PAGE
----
Terms

Underwriting Agreement Meaning and Types

Underwriting Agreement Meaning and Types

Underwriting Agreement: Meaning and Types

What Is an Underwriting Agreement?

An underwriting agreement is a contract between a group of investment bankers, called an underwriting group or syndicate, and the issuing corporation of new securities.

Key Takeaways

  • An underwriting agreement takes place between a syndicate of investment bankers and the issuing corporation of new securities.
  • The agreement ensures everyone understands their responsibility in the process.
  • The contract outlines the underwriting group’s commitment to purchase the new securities, the agreed-upon price, the initial resale price, and the settlement date.
  • There are several ways of structuring an underwriting agreement including best efforts and firm commitment, among others.

Understanding Underwriting Agreement

The purpose of the underwriting agreement is to ensure that all participants understand their responsibility, minimizing potential conflict. The agreement may also be referred to as an underwriting contract.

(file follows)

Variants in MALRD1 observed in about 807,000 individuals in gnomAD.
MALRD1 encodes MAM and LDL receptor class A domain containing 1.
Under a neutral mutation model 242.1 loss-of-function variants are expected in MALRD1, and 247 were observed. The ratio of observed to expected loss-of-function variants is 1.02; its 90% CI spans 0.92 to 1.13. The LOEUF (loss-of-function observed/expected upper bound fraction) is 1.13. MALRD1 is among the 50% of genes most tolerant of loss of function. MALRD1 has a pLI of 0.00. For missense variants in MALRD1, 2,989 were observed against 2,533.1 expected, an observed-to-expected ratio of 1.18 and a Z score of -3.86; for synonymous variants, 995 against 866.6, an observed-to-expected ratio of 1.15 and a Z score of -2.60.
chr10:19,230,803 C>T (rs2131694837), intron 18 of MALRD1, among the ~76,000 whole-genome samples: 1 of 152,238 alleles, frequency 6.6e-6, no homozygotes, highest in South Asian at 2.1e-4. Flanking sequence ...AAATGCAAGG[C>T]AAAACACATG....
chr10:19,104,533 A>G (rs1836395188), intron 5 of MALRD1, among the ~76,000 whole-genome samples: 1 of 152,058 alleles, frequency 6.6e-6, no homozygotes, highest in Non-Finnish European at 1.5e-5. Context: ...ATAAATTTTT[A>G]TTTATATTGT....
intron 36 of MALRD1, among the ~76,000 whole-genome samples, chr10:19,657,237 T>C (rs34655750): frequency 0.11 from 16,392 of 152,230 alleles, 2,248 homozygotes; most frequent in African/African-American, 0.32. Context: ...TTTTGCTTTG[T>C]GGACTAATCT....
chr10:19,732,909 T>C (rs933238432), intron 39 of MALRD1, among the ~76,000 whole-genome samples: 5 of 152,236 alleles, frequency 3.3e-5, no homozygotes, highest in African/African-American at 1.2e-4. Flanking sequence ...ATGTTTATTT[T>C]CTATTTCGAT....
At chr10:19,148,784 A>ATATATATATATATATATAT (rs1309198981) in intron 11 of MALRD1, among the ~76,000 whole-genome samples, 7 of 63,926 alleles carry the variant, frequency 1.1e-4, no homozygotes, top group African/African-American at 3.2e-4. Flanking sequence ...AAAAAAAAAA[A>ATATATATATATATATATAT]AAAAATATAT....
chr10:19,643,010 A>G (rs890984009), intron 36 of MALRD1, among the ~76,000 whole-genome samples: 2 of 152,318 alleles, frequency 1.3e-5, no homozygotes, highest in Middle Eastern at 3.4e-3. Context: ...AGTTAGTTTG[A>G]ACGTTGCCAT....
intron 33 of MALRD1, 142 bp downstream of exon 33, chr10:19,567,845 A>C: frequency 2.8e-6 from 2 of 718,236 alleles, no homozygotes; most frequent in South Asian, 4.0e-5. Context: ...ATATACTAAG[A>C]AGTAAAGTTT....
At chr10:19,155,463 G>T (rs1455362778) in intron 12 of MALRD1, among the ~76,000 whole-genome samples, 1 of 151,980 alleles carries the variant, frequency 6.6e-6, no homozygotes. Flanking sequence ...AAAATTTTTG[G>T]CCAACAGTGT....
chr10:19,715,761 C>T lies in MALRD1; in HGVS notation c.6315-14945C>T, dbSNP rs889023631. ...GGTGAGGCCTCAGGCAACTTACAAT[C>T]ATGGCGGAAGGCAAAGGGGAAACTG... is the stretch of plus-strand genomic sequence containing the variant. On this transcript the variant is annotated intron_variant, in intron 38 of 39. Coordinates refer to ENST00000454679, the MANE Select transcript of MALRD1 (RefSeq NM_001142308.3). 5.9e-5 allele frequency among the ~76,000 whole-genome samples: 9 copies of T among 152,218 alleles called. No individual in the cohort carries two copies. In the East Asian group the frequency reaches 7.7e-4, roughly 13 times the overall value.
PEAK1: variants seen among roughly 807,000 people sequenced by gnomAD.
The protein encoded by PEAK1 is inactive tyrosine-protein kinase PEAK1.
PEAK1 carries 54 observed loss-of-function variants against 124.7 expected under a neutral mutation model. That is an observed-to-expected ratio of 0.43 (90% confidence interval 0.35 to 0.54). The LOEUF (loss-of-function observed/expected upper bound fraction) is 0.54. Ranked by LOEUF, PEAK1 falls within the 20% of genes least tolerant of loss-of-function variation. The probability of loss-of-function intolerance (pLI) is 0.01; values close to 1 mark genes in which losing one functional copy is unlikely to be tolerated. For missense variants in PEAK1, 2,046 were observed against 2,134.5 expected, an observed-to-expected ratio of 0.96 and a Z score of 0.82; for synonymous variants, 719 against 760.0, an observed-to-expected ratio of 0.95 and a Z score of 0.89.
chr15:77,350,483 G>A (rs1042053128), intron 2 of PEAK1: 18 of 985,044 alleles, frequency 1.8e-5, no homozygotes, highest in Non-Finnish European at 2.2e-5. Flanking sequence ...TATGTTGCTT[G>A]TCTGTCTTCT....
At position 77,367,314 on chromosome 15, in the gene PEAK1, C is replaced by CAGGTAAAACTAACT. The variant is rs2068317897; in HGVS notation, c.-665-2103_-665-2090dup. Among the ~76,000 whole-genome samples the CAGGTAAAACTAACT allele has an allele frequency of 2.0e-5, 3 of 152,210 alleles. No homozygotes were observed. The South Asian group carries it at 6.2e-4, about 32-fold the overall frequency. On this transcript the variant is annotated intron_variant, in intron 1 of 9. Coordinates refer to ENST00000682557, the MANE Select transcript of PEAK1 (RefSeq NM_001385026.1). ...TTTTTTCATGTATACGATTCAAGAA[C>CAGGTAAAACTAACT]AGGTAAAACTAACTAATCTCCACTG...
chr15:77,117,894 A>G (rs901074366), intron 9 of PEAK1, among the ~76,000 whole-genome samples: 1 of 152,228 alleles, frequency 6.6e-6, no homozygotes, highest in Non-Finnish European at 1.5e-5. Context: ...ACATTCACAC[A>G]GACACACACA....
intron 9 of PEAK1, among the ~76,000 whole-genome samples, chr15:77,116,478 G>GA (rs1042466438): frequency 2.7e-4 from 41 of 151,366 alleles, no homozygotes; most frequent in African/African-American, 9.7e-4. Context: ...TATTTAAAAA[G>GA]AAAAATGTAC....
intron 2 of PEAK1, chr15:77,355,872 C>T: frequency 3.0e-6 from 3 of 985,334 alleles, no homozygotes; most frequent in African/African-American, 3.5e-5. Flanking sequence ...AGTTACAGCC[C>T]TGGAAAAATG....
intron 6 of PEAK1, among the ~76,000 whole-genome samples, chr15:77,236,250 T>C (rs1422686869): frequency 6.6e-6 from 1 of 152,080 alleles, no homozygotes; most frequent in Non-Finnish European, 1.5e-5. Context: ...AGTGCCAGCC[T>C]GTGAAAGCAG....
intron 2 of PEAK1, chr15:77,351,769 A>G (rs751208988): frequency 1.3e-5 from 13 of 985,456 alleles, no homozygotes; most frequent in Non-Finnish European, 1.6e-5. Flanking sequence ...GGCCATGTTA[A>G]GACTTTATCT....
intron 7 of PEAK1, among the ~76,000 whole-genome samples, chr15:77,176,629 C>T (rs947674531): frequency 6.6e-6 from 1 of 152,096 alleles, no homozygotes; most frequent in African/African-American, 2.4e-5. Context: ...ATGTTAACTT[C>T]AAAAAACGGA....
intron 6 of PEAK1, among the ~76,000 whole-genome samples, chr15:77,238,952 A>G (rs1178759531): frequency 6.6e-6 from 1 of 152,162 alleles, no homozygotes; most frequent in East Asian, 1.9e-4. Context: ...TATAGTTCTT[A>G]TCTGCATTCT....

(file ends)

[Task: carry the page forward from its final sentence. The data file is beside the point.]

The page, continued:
It is generally between the issuing corporation and the syndicate of investment bankers. A syndicate is a temporary group formed to handle large financial transactions.

The underwriting agreement contains transaction details, including the underwriting group’s commitment to purchase the new securities, the agreed-upon price, the initial resale price, and the settlement date.

A best-efforts underwriting agreement is mainly used for the sales of high-risk securities.

Types of Underwriting Agreements

There are several types of underwriting agreements: firm commitment, best efforts, mini-maxi, all or none, and standby.

  • Firm Commitment: In a firm commitment, the underwriter guarantees to purchase all securities offered for sale by the issuer. They put their own money at risk if they can’t sell the securities to investors. Underwriters often include a market out clause to protect themselves.
  • Best Efforts: Underwriters do their best to sell all the securities offered, but they aren’t obligated to purchase the securities for their own account.
  • Mini-Maxi: A mini-maxi agreement becomes effective once a minimum amount of securities is sold. Funds collected are held in escrow until the underwriting is completed. If the minimum is not reached, the offering is canceled.
  • All or None: The issuer must receive proceeds from the sale of all securities. Funds are held in escrow until all securities are sold.
  • Standby Underwriting: Used with preemptive rights offerings, the standby underwriter agrees to purchase shares that current shareholders do not. The securities are then resold to the public.
READ MORE  Logistics What It Means and How Businesses Use It

Leave a Reply

Your email address will not be published. Required fields are marked *